WINNERS VISIT tant raw materials for the brewing pro cess. To brew one litre of beer a modern brewery needs at least seven litres of water, and the quantity of water on Ber muda is far from enough for that. What's more, it was found that shipping in the other raw materials would have been too costly to permit a profitable brewing operation. Beaches Because of the good climate, the friendliness of the local people and the breathtaking beauty of the island and especially of its beaches, Bermuda has grown to become a popular holiday de stination. And its beauty is unspoilt, for you won't find any rubbish on the sparkling white expanses of sand. Nestling against the beaches on the south side of the island are small nature reserves, some of which stretch down to the coastline, providing fantastic panoramas of the high Atlantic breakers crashing against the rocks. One tip: the only real way to get to know Bermuda is to rent a moped. Nar row pathways inaccessible to cars will then lead you to unexpectea vistas and deserted beaches. Incidentally, tourists are not allowed to hire cars. There are already too many cars on the narrow, winding roads. The tourist has to rent a moped or a scooter, travel round the island by bus or take a taxi. The moped is also the number one means of transport for the local people. In the urban areas parking bays have been made along the roadsides so that the tens of thousands of mopeds and scooters can be neatly parked. The moped's popularity amongst Bermu- dians is not surprising. The narrow roads do not invite motorists to put their foot down hard on the accelerator pedal. A moped will often get you to your desti nation faster and (in the summer) feel ing more refreshed. Bermuda and beer The pleasant climate also has a great impact on beer sales on Bermuda. During the 'winter' months (November to the end of February) the sales figures reveal a sharp decline. That decline is also caused by the temporary decrease in the number of tourists. The sales statistics for December show a slight upward swing because of Christmas beer sales, but the first two months of the year are poor again. Each year, therefore, the importers of Heineken and Amstel look forward eagerly to the 'college weeks' in March. Many Amer ican students then travel to Bermuda for a sunny spring vacation. Each year the arrival of this group of young people signals the start of the new high season for the importers. Despite the island's British past (Bermuda is still a colony and the oldest member of the British Empire), Ber muda has always been a true lager mar ket. The stouts and ales that are popular in Great Britain never went down that well in Bermuda. A glass of beer in sunny Bermuda must above all be re freshing. Which is why lager is prefer red to stout and ale. The beer market in Bermuda can be roughly divided into two categories: American and European beers. The pre sence of American beers is not so un usual in view of the big influx of tourists from that country. And yet the American tourist on Bermuda does not im mediately make a beeline for the U.S. brews. All true beer connoisseurs know the Heineken and Amstel brands from back home. And it is these brands in particular which attract the interest of the American tourist. In addition, the local population shows a distinct preference for the European beers. Not surprising in view of the island's history. And again Heine ken and Amstel are the beers the people most like to drink; each brand with its own public who appreciate its specific flavour. Thirst-quenchingly cool Because of the climate beer in Ber muda is drunk very cold. The thirsty beer-drinker wants to see a refreshing, thirst-quenching glass of beer on the bar. This low serving temperature influ ences the head of foam. The head is at its best if Amstel and Heineken are served at a temperature of 6-8° Celsius. If the beer is stored at a cooler temper ature, the foam collar collapses faster in the glass after serving. Apart from beer, stronger drinks are also popular on the island; especially rum, scotch whisky and vodka are in regular demand. Again the American in flux is the reason for this popularity. The local male population mainly stick to beer. 23 Saving the crown corks from Amstel bottles and then forming the word Amstel from the letters hidden away inside the corks. That was the essence of a consumer campaign organised by Gosling Brothers in cooperation with Heineken last year. The campaign was a great success, partly thanks to the attractive main prize: a visit to the Netherlands, the birthplace of Amstel beer. Lucky couple Joanna and Michael Brashier spent five days in the Netherlands during which they also paid a visit to the brewery in 's-Hertogenbosch where the Amstel beer for Ber muda is brewed.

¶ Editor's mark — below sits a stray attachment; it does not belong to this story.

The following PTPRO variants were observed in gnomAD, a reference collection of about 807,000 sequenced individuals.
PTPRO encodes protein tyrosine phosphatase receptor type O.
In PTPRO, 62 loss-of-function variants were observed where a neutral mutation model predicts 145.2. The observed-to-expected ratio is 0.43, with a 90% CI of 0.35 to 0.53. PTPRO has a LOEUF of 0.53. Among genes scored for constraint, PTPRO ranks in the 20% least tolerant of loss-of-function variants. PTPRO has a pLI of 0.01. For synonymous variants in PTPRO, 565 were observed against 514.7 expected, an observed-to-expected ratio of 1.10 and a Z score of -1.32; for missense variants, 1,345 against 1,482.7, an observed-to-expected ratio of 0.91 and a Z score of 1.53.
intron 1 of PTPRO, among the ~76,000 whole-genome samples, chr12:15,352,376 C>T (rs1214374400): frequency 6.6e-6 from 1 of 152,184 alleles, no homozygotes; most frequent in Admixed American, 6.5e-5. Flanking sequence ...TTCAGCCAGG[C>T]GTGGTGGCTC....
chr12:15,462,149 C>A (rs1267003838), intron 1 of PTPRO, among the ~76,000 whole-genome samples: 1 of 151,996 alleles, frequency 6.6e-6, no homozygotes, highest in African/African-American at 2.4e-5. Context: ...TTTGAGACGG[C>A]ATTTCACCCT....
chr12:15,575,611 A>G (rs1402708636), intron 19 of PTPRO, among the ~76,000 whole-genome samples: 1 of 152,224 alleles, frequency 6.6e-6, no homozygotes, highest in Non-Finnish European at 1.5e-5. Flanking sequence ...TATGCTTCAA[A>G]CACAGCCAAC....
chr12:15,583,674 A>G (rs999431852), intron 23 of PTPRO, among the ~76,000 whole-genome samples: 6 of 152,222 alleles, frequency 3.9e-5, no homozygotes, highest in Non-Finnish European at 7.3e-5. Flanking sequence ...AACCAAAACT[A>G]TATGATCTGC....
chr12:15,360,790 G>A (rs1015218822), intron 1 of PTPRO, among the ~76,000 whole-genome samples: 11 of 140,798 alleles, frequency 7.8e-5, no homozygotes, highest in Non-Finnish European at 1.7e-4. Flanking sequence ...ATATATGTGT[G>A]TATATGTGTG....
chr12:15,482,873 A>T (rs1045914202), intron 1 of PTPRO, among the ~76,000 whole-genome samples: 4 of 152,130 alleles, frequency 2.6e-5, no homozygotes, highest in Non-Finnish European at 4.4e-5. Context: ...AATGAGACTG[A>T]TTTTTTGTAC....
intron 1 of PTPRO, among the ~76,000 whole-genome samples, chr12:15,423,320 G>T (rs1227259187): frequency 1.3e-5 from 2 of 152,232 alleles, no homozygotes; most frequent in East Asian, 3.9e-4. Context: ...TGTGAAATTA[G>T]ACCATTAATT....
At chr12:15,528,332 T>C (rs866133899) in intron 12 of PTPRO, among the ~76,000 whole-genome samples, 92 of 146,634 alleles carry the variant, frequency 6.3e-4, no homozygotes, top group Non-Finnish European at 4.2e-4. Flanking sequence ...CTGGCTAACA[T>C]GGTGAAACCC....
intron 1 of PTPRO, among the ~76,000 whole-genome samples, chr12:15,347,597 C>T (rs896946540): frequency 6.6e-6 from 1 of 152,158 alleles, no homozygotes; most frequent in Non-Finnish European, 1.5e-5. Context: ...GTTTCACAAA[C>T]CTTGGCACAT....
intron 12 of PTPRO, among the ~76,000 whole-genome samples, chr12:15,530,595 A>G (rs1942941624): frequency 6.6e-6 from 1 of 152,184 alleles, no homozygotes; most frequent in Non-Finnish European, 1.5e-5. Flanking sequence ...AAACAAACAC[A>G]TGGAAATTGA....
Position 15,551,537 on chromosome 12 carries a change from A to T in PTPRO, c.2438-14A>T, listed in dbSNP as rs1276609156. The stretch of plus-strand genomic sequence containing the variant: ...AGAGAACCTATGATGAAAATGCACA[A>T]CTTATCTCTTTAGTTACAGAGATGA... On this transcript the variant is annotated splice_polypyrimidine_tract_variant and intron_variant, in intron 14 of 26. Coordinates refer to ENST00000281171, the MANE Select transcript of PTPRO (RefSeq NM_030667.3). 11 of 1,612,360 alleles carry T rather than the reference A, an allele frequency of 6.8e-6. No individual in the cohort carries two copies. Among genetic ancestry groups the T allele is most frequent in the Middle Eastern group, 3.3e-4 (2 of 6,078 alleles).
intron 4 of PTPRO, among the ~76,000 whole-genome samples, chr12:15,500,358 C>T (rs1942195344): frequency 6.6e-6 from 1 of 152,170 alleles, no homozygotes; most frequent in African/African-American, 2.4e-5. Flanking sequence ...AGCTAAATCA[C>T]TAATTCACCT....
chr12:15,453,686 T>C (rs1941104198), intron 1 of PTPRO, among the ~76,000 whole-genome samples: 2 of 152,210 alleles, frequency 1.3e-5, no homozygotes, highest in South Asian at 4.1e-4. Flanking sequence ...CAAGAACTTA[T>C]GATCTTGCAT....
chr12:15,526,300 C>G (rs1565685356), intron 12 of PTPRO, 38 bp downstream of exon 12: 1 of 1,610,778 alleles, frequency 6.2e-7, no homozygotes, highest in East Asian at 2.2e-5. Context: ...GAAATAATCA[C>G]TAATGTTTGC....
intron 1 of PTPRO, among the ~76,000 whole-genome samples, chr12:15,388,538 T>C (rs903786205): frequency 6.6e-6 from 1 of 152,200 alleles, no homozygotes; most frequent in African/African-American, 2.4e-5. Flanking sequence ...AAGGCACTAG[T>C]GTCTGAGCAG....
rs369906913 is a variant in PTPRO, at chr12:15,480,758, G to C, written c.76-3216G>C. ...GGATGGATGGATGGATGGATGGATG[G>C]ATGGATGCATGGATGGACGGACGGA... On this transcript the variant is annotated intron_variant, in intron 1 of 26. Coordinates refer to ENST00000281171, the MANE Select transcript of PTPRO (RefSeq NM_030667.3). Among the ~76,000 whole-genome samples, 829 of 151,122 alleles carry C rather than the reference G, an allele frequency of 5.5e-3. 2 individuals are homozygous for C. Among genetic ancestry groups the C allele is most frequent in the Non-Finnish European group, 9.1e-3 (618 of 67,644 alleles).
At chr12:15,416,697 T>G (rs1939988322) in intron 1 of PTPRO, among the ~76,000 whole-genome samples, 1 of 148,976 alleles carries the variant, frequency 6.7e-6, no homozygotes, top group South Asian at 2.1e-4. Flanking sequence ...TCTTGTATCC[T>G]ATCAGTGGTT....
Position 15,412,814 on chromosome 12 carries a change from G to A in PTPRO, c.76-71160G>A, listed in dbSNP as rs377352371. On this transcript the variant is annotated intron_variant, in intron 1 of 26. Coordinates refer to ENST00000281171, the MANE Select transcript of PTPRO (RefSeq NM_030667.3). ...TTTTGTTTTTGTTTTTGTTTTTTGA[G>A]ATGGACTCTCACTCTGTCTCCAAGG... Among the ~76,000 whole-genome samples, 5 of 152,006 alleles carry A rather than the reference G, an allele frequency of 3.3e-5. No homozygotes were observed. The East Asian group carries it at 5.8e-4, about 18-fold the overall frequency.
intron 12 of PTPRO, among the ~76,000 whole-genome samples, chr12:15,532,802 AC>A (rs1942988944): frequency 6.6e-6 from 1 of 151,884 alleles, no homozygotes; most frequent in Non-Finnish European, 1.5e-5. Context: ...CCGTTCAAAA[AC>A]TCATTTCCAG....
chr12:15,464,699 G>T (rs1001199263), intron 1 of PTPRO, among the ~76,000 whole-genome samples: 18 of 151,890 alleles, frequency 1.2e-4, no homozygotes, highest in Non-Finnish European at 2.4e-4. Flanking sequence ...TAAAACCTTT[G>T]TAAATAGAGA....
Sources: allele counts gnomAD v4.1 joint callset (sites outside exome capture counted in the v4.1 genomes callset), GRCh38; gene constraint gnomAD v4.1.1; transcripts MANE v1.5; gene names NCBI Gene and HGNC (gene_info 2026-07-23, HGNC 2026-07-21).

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World of Heineken | 1989 | | pagina 23